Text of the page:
Wednesday, April 15, 2009

After the Gold Rush

A lot of people have been talking about what American's spending habits are going to look like when (if?) the economy starts to improve. Some think consumers are going to back to their old habits while others think that consumers are going to be a bit more thrifty. The most persuasive argument I've seen in favor of the latter is this recent piece from the Economist.

While consumer spending habits reached ridiculously unsustainable levels or the past five years or so, it seems like people have been talking about American's propensity for living beyond their means for much longer than that. Given this, it seems kind of strange to hear people characterizing a return to mid-1980s or even mid-1990s levels of personal spending and savings as a return to fiscal discipline. Still, while the Americans of 10-20 years ago weren't exactly pinching pennies, you could still argue that their consumption habits were still within the realm of fiscal sustainability.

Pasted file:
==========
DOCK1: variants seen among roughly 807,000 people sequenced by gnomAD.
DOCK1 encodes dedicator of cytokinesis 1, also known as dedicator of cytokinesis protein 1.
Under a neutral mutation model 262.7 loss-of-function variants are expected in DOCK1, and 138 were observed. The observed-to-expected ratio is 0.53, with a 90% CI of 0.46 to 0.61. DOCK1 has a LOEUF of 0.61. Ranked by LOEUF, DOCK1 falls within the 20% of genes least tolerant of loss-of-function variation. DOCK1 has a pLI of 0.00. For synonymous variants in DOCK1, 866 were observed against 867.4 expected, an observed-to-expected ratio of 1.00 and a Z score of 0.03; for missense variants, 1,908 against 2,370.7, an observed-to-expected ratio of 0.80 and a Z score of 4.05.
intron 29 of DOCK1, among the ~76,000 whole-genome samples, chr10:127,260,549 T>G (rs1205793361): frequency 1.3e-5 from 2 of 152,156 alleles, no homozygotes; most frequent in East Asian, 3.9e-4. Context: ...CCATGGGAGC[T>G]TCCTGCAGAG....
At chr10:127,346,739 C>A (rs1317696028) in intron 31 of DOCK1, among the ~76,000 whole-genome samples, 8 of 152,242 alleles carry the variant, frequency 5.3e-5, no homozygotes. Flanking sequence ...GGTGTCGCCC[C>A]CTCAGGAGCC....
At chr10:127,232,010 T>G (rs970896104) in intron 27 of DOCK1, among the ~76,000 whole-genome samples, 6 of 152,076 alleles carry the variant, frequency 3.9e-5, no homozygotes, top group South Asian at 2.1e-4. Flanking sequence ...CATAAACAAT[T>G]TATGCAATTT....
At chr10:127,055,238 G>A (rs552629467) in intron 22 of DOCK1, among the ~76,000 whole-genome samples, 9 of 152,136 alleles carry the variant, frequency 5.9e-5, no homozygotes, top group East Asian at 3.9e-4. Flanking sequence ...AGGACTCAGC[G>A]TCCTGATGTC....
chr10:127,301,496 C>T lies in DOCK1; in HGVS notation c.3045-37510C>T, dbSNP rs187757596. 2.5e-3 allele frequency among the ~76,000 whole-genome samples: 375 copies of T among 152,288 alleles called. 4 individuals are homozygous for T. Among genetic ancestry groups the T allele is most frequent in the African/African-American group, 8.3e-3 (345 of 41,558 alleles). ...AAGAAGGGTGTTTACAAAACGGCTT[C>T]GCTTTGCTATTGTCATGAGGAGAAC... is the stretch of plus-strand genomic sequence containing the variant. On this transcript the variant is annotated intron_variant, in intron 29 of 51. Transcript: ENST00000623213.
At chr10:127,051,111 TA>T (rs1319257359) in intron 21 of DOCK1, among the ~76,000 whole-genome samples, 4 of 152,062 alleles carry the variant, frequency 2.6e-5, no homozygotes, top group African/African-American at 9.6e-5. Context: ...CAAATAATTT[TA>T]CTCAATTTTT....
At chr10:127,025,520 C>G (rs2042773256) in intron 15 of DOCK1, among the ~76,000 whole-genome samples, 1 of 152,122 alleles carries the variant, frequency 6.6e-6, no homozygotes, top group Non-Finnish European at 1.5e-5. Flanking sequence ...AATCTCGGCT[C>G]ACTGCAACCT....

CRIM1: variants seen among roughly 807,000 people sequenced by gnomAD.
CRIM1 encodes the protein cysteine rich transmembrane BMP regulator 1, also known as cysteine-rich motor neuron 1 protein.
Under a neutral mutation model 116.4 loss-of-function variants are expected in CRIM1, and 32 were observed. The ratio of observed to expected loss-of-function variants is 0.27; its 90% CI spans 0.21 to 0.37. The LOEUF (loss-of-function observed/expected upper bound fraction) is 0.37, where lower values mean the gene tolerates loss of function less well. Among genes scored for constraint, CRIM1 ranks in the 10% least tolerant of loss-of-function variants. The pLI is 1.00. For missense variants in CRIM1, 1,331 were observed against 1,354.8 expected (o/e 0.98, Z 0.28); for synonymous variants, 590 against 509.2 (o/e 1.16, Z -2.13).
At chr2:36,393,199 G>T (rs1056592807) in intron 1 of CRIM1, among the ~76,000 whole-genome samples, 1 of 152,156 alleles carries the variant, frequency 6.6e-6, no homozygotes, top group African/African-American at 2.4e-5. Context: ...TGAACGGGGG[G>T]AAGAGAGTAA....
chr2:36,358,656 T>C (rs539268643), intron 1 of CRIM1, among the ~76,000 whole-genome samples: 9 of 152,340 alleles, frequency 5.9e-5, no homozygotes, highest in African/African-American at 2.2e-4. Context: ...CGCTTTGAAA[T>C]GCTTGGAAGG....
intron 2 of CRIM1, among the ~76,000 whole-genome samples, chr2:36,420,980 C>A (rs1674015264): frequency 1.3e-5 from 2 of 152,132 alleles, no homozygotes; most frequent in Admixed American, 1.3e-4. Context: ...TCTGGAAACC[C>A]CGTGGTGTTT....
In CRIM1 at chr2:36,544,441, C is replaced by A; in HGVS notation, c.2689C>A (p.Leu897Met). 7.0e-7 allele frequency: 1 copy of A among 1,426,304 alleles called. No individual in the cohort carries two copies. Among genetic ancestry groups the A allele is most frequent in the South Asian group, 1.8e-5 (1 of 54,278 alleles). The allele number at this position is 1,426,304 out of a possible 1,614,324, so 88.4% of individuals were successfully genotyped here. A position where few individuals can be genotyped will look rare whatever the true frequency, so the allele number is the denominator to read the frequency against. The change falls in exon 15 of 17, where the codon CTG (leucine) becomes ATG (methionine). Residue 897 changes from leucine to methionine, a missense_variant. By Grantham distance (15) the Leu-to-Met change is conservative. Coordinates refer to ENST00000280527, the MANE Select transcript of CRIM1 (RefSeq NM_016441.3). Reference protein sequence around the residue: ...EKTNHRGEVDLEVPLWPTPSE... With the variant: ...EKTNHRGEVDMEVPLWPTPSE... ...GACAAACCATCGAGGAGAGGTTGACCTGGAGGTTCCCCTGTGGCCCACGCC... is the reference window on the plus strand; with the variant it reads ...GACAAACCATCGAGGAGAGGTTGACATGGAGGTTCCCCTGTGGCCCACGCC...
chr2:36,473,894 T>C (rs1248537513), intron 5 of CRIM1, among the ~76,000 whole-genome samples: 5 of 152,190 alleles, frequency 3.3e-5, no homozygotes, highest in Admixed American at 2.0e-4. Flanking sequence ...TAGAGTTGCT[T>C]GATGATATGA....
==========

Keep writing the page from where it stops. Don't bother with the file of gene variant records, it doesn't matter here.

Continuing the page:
The magnitude of the reset is going to be determined by how much wealth is ultimately destroyed and the kinds of new financial regulations that are enacted. If, as I write this, we're closer to the end of this mess than the beginning and some new controls are added to at least address the known causes of our current financial predicament, we'll probably see a modest return to thrift once the dust settles. It would probably take another great depression and world war to turn Americans into fanatical savers. Hopefully, we can avoid that scenario.

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